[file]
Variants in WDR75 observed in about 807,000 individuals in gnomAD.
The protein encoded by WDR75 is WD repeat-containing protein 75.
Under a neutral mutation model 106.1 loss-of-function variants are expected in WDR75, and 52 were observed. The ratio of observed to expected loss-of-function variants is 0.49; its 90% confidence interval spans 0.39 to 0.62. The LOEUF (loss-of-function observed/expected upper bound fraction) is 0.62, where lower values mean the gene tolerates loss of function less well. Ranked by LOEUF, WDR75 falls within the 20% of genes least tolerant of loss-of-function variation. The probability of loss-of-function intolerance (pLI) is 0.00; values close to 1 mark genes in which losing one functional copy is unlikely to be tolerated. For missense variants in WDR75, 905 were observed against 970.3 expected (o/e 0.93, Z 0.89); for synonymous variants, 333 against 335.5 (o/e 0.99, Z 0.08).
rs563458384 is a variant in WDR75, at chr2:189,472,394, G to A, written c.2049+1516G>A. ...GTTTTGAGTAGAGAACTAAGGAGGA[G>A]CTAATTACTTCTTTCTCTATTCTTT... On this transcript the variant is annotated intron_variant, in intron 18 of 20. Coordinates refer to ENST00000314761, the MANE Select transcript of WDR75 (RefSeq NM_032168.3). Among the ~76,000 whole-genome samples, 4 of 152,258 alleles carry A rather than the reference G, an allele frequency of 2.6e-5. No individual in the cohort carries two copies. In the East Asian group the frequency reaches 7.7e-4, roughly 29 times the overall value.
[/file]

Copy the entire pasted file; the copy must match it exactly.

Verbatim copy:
Variants in WDR75 observed in about 807,000 individuals in gnomAD.
The protein encoded by WDR75 is WD repeat-containing protein 75.
Under a neutral mutation model 106.1 loss-of-function variants are expected in WDR75, and 52 were observed. The ratio of observed to expected loss-of-function variants is 0.49; its 90% confidence interval spans 0.39 to 0.62. The LOEUF (loss-of-function observed/expected upper bound fraction) is 0.62, where lower values mean the gene tolerates loss of function less well. Ranked by LOEUF, WDR75 falls within the 20% of genes least tolerant of loss-of-function variation. The probability of loss-of-function intolerance (pLI) is 0.00; values close to 1 mark genes in which losing one functional copy is unlikely to be tolerated. For missense variants in WDR75, 905 were observed against 970.3 expected (o/e 0.93, Z 0.89); for synonymous variants, 333 against 335.5 (o/e 0.99, Z 0.08).
rs563458384 is a variant in WDR75, at chr2:189,472,394, G to A, written c.2049+1516G>A. ...GTTTTGAGTAGAGAACTAAGGAGGA[G>A]CTAATTACTTCTTTCTCTATTCTTT... On this transcript the variant is annotated intron_variant, in intron 18 of 20. Coordinates refer to ENST00000314761, the MANE Select transcript of WDR75 (RefSeq NM_032168.3). Among the ~76,000 whole-genome samples, 4 of 152,258 alleles carry A rather than the reference G, an allele frequency of 2.6e-5. No individual in the cohort carries two copies. In the East Asian group the frequency reaches 7.7e-4, roughly 29 times the overall value.